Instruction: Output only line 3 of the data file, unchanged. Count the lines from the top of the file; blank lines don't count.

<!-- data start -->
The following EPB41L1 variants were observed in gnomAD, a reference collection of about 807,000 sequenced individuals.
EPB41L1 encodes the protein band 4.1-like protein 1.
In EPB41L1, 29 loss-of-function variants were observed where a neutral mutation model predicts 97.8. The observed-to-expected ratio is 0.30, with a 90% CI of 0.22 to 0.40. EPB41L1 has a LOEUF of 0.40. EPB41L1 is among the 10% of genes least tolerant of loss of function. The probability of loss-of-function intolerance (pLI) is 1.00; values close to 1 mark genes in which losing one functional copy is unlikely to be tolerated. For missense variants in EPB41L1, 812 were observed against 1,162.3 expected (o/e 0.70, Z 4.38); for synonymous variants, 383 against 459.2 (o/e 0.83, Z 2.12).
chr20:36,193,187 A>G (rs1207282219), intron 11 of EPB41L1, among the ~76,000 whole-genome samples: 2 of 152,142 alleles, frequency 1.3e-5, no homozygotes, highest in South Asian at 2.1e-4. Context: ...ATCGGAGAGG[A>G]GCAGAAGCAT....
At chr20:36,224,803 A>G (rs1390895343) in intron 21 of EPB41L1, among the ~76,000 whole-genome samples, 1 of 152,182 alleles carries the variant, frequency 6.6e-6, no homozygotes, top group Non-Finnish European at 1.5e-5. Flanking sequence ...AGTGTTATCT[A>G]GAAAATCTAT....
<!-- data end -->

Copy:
In EPB41L1, 29 loss-of-function variants were observed where a neutral mutation model predicts 97.8. The observed-to-expected ratio is 0.30, with a 90% CI of 0.22 to 0.40. EPB41L1 has a LOEUF of 0.40. EPB41L1 is among the 10% of genes least tolerant of loss of function. The probability of loss-of-function intolerance (pLI) is 1.00; values close to 1 mark genes in which losing one functional copy is unlikely to be tolerated. For missense variants in EPB41L1, 812 were observed against 1,162.3 expected (o/e 0.70, Z 4.38); for synonymous variants, 383 against 459.2 (o/e 0.83, Z 2.12).